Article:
In June 1980, the twenty-eight-year-old East London barmaid Sandie Craddock was charged with stabbing her nineteen-year-old co-worker to death. Presented in Craddock’s defence were diaries and institutional records documenting years of violent outbursts following a cyclical pattern. Her lawyers argued that the true culprit was Craddock’s pre-menstrual tension (PMT, a symptom of premenstrual syndrome, PMS), which “turned her into a raging animal each month and forced her to act out of character,” leaving her with little memory of her actions. The barmaid walked away from a manslaughter conviction with nothing more than probation and a court order to take progesterone supplements, successfully having argued diminished responsibility due to extreme PMS. The following year, having changed her name to Smith, she was before the courts again, this time for threatening a policeman with a knife in Islington. Once more she was released on probation.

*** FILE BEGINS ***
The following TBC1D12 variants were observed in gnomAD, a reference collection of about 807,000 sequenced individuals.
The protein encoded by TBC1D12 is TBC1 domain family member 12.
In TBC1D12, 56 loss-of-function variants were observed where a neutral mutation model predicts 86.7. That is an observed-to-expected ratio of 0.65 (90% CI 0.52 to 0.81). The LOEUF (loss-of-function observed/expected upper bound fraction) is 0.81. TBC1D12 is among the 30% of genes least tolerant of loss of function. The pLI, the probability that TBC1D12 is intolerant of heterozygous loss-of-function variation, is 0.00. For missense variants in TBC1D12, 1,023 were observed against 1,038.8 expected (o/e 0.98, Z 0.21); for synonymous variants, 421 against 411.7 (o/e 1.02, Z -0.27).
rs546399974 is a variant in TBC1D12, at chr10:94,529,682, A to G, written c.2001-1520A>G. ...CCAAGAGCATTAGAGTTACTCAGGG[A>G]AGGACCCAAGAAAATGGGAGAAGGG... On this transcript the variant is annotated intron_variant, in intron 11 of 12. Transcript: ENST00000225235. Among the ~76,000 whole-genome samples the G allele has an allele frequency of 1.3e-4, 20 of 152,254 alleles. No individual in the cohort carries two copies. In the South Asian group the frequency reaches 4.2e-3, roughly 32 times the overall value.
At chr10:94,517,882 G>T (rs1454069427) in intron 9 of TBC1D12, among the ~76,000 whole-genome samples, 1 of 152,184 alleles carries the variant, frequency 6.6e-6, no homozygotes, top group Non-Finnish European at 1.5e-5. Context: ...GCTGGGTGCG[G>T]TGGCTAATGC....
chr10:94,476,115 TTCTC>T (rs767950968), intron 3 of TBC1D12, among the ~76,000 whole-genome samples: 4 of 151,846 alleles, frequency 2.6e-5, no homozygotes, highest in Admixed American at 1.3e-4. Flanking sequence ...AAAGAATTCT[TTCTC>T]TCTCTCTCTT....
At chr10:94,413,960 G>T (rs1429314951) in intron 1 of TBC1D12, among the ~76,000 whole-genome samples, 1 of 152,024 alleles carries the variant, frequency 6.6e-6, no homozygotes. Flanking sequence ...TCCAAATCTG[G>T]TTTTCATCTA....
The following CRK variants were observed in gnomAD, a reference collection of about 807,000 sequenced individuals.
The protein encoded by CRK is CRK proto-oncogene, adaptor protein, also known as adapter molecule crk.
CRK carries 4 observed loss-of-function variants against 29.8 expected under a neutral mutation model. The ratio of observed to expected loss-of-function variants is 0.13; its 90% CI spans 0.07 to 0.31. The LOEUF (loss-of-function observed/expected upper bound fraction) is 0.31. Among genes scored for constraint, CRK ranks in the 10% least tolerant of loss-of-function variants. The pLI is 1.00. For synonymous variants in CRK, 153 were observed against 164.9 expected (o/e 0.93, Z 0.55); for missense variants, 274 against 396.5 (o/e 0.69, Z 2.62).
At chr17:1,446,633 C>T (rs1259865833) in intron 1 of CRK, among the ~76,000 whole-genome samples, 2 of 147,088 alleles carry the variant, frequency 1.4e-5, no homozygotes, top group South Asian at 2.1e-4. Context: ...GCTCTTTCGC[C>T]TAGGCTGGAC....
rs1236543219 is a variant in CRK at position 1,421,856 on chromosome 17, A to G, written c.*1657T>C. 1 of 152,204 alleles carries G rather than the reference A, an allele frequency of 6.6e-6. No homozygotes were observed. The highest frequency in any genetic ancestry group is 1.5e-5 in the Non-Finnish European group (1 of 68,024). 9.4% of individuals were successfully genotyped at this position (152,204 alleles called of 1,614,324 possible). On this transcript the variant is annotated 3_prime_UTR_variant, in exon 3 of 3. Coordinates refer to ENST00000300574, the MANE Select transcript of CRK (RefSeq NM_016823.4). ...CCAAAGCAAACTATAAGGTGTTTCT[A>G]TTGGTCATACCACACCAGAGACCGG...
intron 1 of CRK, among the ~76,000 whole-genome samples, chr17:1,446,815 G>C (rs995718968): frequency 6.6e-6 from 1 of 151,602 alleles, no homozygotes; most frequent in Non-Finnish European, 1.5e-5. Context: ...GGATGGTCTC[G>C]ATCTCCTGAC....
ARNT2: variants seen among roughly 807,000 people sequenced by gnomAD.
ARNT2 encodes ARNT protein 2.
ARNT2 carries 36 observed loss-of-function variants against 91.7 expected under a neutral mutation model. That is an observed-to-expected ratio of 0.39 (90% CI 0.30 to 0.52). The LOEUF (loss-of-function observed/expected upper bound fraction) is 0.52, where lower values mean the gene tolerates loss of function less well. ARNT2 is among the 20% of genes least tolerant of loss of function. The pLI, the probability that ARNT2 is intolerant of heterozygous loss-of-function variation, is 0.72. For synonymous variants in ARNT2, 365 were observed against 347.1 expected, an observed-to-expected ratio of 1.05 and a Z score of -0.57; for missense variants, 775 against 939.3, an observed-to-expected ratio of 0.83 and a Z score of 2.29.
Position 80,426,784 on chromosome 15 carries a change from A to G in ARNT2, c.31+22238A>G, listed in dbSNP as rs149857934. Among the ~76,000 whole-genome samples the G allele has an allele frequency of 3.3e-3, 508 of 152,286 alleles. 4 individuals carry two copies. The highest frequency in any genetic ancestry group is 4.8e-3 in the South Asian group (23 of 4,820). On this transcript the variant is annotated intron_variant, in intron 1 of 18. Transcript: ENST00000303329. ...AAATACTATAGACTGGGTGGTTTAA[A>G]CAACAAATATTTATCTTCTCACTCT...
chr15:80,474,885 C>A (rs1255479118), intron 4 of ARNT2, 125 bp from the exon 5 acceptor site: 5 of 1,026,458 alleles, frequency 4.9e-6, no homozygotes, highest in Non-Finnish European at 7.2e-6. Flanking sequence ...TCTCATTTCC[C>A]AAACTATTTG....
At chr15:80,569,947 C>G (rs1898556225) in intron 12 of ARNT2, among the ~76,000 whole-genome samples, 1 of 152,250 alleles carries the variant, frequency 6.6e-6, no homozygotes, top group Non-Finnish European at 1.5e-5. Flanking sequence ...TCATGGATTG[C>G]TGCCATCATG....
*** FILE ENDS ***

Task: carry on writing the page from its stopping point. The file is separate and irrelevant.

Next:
Craddock-Smith and premenstrual syndrome were catapulted into the tabloid spotlight, unleashing a flurry of headlines such as “Premenstrual Frenzy,” “Dr Jekyll and Ms Hyde,” “PMS: The Return of the Raging Hormones,” and “Once a Month I’m a Woman Possessed.” Articles were peppered with phrases such as “the monthly monster, ” the “menstrual monster,” the “inner beast,” and “raging beasts.” New York filmmaker Jacqueline Garry credits the media headlines with her inspiration for her heroine, Frida Harris, in the 1999 film, The Curse. The film sees normally mild-mannered “doormat” Frida transform into a homicidal, lupine femme fatale when her period is due (corresponding with the full moon), waking to find that the blood on her sheets is not always her own.